According to the LARR Bill, all new villages established for resettlement of the displaced persons shall be provided with suitable transport facilities which must include public transport facilities through local bus services with nearby growth centres and urban localities. CII feels that establishing transport facility on a continuous basis would lead to huge cost which might not be feasible.
Instead, local Governments should take the responsibility to provide public transport facilities to new villages established for resettlement of displaced persons.
The proposed provisions in the Bill say that the Collector shall make an award within a period of 2 years from the date of publication of the declaration and if no award is made within that period the entire proceedings for the acquisition of land shall lapse.
CII infers that in such situations, time and energy spent on the process could get completely wasted and lead to delay in project implementation. Instead, in such cases, Government should offer an alternative location identified by the requiring body.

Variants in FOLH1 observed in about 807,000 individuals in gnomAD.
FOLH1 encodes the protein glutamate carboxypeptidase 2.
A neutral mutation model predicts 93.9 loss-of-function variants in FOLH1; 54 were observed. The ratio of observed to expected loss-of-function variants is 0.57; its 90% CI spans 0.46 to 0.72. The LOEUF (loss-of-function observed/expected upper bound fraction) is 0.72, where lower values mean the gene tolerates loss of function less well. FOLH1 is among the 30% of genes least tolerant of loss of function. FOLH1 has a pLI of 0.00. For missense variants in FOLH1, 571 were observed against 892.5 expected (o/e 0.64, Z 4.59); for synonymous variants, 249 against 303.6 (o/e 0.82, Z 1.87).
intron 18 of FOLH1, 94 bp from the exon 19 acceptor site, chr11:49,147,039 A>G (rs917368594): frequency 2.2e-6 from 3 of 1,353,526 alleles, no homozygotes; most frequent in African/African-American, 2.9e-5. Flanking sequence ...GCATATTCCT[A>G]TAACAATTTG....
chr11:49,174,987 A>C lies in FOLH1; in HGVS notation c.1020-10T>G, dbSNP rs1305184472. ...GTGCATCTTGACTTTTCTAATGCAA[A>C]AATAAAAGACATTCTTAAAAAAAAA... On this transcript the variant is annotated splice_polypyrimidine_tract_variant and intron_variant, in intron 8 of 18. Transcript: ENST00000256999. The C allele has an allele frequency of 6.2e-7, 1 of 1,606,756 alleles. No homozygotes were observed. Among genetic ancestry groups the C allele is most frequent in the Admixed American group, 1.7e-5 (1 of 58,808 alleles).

LARR Bill: A step forward, yet
B Muthuraman ,immediate past president, CII and vice chairman,
Adi B Godrej, CII president and Chairman, Godrej Group
India has and can have enough
land and water for all its needs
Against this backdrop, Confederation of Indian Industry (CII) has welcomec the Land Acquisition and Rehabilitation & Resettlement (LARR) Bill 2011 as positive, forward looking and comprehensive, which is the first ever attempt to combine all three aspects - land acquisition, resettlement of project affected people and their rehabilitation. It would be a guiding Act for States to further strengthen Land Acquisition Process and Rehabilitation and Resettlement (R&R) provisions.